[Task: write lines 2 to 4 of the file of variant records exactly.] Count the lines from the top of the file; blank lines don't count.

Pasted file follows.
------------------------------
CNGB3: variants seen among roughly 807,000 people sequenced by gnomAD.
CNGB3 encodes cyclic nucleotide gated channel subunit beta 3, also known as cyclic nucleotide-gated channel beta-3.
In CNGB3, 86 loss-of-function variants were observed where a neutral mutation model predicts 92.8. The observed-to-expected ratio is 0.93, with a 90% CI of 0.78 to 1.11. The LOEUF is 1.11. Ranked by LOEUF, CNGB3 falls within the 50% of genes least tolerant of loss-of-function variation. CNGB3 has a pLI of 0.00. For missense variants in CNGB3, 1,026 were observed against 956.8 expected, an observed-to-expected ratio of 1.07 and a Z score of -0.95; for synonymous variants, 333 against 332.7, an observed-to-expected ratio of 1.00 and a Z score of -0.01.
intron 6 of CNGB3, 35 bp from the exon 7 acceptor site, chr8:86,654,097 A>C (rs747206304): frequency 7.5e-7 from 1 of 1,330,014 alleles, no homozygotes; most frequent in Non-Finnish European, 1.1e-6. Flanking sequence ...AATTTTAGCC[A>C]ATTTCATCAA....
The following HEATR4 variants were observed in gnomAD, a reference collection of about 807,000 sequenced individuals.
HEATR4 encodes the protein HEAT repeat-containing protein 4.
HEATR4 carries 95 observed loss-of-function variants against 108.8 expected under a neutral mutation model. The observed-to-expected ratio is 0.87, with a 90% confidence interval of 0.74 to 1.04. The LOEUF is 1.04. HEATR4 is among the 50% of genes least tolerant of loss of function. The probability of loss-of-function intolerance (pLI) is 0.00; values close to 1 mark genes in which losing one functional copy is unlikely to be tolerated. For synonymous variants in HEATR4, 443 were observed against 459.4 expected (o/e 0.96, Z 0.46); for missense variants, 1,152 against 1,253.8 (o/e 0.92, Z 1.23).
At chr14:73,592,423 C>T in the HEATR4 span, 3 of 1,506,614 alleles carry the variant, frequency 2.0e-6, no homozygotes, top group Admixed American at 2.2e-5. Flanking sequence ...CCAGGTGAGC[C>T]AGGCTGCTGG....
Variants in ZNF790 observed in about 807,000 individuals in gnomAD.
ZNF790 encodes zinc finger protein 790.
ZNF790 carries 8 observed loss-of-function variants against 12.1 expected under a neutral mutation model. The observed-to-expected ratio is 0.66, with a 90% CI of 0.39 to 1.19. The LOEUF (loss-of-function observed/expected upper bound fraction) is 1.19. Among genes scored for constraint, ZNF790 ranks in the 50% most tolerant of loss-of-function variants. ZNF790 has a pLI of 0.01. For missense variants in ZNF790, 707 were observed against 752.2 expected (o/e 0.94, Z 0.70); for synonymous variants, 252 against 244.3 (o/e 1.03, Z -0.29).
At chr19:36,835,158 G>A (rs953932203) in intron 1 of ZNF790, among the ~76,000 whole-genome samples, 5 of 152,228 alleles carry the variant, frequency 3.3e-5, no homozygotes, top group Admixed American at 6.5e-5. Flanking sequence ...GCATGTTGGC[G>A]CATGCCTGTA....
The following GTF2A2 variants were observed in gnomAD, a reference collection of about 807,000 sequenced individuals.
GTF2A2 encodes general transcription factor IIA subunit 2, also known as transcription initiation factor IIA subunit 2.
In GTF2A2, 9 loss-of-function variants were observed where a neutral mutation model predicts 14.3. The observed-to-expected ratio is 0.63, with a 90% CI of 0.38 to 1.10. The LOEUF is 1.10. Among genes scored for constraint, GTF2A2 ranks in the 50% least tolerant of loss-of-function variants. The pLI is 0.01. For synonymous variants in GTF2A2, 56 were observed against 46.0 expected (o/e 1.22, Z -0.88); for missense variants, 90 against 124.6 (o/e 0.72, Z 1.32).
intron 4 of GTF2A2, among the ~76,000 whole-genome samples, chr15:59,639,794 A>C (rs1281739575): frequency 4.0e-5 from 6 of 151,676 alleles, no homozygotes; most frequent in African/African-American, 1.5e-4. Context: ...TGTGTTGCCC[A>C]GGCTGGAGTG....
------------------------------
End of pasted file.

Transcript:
CNGB3 encodes cyclic nucleotide gated channel subunit beta 3, also known as cyclic nucleotide-gated channel beta-3.
In CNGB3, 86 loss-of-function variants were observed where a neutral mutation model predicts 92.8. The observed-to-expected ratio is 0.93, with a 90% CI of 0.78 to 1.11. The LOEUF is 1.11. Ranked by LOEUF, CNGB3 falls within the 50% of genes least tolerant of loss-of-function variation. CNGB3 has a pLI of 0.00. For missense variants in CNGB3, 1,026 were observed against 956.8 expected, an observed-to-expected ratio of 1.07 and a Z score of -0.95; for synonymous variants, 333 against 332.7, an observed-to-expected ratio of 1.00 and a Z score of -0.01.
intron 6 of CNGB3, 35 bp from the exon 7 acceptor site, chr8:86,654,097 A>C (rs747206304): frequency 7.5e-7 from 1 of 1,330,014 alleles, no homozygotes; most frequent in Non-Finnish European, 1.1e-6. Flanking sequence ...AATTTTAGCC[A>C]ATTTCATCAA....